(Reuters) – Oil prices stayed within a narrow range on Wednesday in quiet pre-U.S. Thanksgiving holiday trading, as the market awaited news on output cuts from the OPEC+ producers group and looked for confirmation of a sharp build-up in U.S. crude stocks.
Brent crude futures rose 14 cents, or 0.17%, to $82.59 a barrel by 0800 GMT. U.S. West Texas Intermediate crude futures rose 13 cents, or 0.17%, to $77.90.
Both benchmarks have fallen for four straight weeks, and prices weakened further last week on growing concerns about the demand outlook. Investors remained cautious ahead of Sunday’s scheduled OPEC+ meeting, when the producer group may discuss deepening supply cuts due to slowing global economic growth.
On Monday, both contracts climbed about 2% after three OPEC+ sources told Reuters the group, the Organization of the Petroleum Exporting Countries (OPEC) and allied producers, was set to consider additional oil supply cuts when it meets on Nov. 26.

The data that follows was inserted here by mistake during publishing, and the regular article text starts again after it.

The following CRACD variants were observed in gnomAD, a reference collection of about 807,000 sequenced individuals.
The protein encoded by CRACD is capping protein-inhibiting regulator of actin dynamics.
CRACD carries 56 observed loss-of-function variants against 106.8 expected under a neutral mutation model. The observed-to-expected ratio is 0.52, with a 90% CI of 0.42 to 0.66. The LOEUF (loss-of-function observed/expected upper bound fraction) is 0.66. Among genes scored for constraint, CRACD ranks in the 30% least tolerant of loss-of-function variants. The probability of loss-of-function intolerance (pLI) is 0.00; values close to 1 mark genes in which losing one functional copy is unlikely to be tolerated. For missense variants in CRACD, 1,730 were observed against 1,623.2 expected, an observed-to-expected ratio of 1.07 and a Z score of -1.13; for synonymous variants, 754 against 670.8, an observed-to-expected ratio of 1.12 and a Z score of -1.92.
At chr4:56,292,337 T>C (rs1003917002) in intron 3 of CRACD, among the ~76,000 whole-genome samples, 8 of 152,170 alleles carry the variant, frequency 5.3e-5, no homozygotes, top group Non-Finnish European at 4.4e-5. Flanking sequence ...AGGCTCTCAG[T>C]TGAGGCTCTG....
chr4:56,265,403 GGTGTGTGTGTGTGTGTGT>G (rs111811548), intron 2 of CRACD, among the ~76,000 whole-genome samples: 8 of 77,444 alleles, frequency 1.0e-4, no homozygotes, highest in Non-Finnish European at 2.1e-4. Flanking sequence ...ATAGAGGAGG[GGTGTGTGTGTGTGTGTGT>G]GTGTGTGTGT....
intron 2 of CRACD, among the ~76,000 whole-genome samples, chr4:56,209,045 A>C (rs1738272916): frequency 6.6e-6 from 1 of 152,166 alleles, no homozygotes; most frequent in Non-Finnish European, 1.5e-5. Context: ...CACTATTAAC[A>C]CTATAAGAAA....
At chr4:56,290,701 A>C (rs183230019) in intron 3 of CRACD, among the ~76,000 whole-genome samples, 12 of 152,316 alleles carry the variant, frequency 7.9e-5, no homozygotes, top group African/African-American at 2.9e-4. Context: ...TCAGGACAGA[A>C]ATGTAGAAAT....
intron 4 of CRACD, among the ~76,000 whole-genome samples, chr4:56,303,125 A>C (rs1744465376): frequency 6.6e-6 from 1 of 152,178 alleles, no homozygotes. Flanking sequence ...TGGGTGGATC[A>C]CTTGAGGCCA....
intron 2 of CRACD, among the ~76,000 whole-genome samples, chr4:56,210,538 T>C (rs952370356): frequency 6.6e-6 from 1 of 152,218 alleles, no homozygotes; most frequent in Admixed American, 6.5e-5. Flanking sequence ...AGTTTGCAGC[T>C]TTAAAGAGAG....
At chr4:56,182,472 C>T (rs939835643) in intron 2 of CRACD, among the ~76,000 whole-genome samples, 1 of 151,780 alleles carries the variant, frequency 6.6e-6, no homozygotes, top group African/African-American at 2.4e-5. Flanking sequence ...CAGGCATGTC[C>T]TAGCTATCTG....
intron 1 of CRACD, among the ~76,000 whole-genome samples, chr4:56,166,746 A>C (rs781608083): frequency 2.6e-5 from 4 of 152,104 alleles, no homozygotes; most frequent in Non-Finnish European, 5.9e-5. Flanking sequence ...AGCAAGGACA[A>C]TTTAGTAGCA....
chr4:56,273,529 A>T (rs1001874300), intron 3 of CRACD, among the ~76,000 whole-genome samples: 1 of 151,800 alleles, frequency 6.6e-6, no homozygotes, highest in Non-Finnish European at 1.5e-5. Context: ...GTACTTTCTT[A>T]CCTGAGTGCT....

“The upcoming meeting has been the key central focus for oil prices for now, with sentiments shrugging off the sharp build in U.S. crude inventories,” said Jun Rong Yeap, a market strategist at IG.
OPEC+ is likely to extend or even deepen oil supply cuts into next year, analysts have predicted. “While market consensus suggests Saudi Arabia and Russia will be extending voluntary cuts into 2024, any further cuts by other members will hold the key to future prices,” ANZ analysts wrote in a note.
Even if the OPEC+ nations extend their cuts into next year, the global oil market will see a slight supply surplus in 2024, the head of the International Energy Agency’s (IEA) oil markets and industry division said on Tuesday.
U.S. crude stocks rose by nearly 9.1 million barrels in the week ended Nov. 17, according to market sources citing American Petroleum Institute figures on Tuesday.
Gasoline inventories dropped by about 1.79 million barrels, while distillate inventories fell by about 3.5 million barrels.
U.S. government data on stockpiles is due on Wednesday.
Thursday is a public holiday in the United States.